My love affair with quail eggs goes back to my childhood. But, at the time, I knew only one way to enjoy them.
When my brother and I were children, eating at our favorite Chinese restaurant was a treat reserved for good behavior after visits to the pediatrician or dentist. The dishes we ordered rarely varied because we had favorites. Fried spring rolls, sweet and sour pork, fried rice… And bird’s nest soup with quail eggs.
For decades, it was bird’s nest soup with quail eggs. And it was as much about the lightly chewy bits of bird’s nest as it was about the quail eggs. My brother and I loved quail eggs, and the number of eggs in the soup tureen was always divided equally between us.
As you can imagine, my love affair with quail eggs has been marked with longevity and loyalty. I was already an adult when I ventured into other Chinese soups. But my love for quail eggs never wavered. It was something I would pass on to my daughters.
What exactly are quail eggs?
Obviously, they are eggs of the bird called quail. But “quail” does not refer to a singular species of bird. It is the collective name for several birds of different sizes although they are all categorized as mid-sized. There are Old world quails, New World quails, quails raised and sold as pets, and then there are farm-raised quails that are bred for their eggs.
How are quail eggs cooked?
This is by no means a comprehensive list of the various ways quail eggs are cooked and eaten around the world. This is just a list of how I have encountered quail eggs as food in the Philippines and in other countries in Asia.
Fried quail eggs
I was already a mother when kwek kwek, batter-coated deep-fried quail eggs became a popular street food in the Philippines.
My daughters ate a lot of kwek kwek when they were in college. I never really developed an affinity for it because, under the thick batter, I could hardly get the creaminess of the egg yolk. And, since kwek kwek is meant to be dipped in a spicy vinegar mix, I get even less of the egg flavor.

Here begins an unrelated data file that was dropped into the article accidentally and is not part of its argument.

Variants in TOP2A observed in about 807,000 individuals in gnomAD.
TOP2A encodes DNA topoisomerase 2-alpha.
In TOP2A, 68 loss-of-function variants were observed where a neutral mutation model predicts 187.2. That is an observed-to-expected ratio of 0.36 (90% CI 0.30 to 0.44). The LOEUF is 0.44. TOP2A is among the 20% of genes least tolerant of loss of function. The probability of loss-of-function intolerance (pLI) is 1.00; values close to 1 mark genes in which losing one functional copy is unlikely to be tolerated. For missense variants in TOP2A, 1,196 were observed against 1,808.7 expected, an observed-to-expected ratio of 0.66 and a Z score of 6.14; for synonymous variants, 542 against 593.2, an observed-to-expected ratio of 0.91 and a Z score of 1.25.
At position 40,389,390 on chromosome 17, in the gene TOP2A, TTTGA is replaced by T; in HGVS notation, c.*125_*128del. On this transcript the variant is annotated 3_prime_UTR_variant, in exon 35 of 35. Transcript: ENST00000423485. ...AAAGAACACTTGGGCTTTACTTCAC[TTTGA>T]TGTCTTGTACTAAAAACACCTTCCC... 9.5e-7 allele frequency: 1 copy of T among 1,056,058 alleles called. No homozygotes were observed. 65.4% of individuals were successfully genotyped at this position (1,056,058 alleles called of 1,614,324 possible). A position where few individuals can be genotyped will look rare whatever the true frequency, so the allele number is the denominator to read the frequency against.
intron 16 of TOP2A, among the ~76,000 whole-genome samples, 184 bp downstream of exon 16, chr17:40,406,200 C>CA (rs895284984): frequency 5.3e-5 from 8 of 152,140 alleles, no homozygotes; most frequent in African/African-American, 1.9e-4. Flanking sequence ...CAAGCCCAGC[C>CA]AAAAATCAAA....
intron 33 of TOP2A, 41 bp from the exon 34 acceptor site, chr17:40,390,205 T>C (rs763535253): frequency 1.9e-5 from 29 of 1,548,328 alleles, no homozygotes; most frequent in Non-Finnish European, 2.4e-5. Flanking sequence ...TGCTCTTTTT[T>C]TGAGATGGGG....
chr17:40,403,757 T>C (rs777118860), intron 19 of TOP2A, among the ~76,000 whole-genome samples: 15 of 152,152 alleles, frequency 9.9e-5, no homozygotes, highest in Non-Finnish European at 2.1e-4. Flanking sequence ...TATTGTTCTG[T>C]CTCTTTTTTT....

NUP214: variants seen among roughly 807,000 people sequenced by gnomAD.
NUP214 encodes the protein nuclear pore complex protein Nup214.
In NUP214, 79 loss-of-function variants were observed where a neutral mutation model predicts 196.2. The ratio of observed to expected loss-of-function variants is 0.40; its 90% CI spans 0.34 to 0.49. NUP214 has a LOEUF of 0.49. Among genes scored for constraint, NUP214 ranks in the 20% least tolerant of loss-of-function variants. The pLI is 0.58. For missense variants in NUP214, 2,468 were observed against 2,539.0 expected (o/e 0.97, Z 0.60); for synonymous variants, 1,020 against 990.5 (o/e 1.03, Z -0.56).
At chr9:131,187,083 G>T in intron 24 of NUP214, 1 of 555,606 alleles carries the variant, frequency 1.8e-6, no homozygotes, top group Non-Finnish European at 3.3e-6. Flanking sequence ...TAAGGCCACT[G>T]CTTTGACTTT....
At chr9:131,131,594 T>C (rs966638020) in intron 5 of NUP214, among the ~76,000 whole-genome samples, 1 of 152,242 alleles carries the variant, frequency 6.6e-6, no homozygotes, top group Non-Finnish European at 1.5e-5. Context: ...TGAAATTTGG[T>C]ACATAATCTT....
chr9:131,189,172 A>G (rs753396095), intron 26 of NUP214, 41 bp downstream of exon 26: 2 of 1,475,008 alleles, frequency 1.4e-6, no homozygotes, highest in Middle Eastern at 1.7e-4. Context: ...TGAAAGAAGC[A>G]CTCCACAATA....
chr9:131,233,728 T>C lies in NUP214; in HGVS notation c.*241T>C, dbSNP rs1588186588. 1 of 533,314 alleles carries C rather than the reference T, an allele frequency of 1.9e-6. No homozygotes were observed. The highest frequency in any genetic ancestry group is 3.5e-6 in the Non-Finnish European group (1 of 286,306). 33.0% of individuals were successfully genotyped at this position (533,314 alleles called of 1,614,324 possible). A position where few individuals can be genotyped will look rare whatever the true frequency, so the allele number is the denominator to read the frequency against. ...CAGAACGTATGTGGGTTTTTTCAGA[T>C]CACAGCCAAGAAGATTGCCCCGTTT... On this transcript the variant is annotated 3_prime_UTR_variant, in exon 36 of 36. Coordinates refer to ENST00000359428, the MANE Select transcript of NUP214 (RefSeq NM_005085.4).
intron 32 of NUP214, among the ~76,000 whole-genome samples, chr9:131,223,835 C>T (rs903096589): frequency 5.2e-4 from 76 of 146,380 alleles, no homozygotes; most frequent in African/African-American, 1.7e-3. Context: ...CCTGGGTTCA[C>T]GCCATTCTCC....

It isn’t just in the Philippines were quail eggs are sold as street food. On the waterfront parallel to Tamsui Old Street, there was stall that sold skewered fried quail eggs. I smiled a little to myself. What we Asians can do with the simplest ingredients is just amazing. And if we weren’t already full from everything we had already eaten at Tamsui, and the thought that there were more unique food that we still wanted to try, I would have ordered a stick of fried quail eggs.
In Chiang Mai, quail eggs omelette is street food. My initial reaction was… But they’re just mini omelettes!
So I resisted them… for a day. I first saw them at the Saturday Walking Street where I took a few photos.
The following day at the Sunday Walking Street, I saw them again. Larger, this time. The holes (for lack of a better term) of the pan were wider than the holes of a takoyaki pan although not as large as the holes of the Vietnamese banh khot pan.
I stood in front of the stall and gawked. I marveled at the dexterity of the hawker’s hands. And I felt amazed at how she was multi-tasking. She was cooking, she was prepping and she was serving customers too. How could she manage to time everything perfectly so that nothing burned? I stopped resisting and ordered.
I got a mixture of quail eggs fried sunny-side-up and quail eggs omelet. They were sprinkled with a powdered seasoning which, I supposed, was the hawker’s own concoction. Quite good, really.
Boiled quail eggs
Quail eggs can be boiled just like chicken and duck eggs. Of course, due to their size, the cooking time is much shorter. After boiling, the shelled eggs can be served or used in dishes in various ways.